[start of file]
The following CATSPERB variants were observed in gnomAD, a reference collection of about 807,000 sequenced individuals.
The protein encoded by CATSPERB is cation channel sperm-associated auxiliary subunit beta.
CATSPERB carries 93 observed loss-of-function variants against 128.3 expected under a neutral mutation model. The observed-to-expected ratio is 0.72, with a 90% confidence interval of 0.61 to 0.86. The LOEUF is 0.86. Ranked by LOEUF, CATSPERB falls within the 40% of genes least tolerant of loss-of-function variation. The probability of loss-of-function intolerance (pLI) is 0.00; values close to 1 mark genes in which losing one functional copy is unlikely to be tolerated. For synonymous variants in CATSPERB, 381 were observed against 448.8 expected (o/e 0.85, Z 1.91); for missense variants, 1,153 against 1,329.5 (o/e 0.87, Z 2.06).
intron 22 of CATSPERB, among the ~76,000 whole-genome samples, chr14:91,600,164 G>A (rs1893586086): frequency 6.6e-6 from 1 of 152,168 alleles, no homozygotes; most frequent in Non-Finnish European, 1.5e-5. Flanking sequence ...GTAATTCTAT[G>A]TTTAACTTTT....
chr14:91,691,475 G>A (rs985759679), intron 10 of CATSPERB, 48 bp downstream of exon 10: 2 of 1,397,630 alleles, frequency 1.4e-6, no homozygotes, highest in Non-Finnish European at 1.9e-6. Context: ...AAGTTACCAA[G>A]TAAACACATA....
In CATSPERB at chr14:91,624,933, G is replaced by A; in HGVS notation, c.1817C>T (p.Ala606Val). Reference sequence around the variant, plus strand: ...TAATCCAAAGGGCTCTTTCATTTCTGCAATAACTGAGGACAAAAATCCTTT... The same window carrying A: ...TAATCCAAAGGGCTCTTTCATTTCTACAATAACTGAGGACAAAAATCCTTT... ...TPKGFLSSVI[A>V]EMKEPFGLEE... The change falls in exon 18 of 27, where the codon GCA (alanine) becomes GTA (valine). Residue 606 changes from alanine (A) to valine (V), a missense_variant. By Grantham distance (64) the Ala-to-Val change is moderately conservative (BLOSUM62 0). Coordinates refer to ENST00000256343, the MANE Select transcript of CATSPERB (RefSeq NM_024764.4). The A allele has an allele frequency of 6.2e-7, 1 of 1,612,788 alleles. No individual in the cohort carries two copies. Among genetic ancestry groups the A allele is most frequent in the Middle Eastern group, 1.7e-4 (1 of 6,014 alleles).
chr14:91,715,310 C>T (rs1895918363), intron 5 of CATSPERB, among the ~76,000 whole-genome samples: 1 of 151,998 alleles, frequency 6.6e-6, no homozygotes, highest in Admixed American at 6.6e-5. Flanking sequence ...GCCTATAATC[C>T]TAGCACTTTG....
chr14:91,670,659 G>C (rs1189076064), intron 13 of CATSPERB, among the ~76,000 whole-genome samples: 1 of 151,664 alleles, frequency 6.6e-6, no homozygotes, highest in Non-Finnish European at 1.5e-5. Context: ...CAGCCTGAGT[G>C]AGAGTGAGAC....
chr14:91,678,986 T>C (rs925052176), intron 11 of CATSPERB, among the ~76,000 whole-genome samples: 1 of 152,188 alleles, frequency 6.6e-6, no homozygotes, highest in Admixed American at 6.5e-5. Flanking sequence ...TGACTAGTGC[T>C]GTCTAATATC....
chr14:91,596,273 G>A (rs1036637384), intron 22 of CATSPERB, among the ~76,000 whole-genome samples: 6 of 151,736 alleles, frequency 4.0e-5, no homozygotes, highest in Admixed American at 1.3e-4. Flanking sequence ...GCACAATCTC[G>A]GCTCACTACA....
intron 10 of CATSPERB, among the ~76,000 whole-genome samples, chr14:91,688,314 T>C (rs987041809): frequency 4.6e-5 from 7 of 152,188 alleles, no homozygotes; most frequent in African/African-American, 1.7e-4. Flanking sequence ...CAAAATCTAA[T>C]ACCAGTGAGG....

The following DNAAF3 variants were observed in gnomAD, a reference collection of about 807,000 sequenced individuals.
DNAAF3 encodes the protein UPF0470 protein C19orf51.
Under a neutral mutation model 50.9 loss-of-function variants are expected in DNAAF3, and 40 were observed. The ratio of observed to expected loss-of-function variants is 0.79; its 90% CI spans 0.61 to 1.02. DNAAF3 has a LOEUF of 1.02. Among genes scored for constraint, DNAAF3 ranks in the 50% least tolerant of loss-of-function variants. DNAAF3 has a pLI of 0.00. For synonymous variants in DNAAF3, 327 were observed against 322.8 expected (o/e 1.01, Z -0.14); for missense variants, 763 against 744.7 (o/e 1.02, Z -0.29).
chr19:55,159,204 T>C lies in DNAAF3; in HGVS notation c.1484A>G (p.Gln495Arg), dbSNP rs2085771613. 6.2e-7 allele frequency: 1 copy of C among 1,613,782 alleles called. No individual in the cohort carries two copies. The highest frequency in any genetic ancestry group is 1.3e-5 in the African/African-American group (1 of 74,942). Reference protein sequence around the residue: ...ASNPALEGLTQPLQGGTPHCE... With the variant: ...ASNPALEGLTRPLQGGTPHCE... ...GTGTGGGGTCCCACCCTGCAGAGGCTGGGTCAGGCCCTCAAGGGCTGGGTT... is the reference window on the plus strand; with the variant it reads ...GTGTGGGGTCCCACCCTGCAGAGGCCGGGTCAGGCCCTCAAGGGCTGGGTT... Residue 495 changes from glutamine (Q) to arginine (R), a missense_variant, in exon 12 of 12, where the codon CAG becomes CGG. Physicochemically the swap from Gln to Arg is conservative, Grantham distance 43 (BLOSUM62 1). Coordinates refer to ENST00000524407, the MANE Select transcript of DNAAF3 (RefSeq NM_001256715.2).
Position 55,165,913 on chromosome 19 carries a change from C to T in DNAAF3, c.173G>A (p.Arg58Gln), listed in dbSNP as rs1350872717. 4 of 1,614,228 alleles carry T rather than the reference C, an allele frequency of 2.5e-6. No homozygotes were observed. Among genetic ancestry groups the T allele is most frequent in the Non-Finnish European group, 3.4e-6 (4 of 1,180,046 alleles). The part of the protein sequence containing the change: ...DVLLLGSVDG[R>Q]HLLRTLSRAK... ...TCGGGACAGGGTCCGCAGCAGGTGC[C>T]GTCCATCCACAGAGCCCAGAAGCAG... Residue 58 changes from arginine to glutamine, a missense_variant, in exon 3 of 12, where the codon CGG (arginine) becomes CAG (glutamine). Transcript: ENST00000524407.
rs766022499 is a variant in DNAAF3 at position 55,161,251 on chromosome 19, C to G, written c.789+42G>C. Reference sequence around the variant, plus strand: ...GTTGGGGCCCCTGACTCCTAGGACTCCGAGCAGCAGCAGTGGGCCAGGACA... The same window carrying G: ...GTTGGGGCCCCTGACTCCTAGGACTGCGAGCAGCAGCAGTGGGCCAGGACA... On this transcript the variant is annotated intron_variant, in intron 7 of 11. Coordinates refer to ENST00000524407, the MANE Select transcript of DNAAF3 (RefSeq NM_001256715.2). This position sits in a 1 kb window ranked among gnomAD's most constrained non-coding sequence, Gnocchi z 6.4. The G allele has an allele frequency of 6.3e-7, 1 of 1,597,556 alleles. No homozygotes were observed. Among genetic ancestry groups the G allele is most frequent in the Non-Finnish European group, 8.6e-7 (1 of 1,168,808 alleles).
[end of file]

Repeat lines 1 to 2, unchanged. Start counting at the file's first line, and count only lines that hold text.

The following CATSPERB variants were observed in gnomAD, a reference collection of about 807,000 sequenced individuals.
The protein encoded by CATSPERB is cation channel sperm-associated auxiliary subunit beta.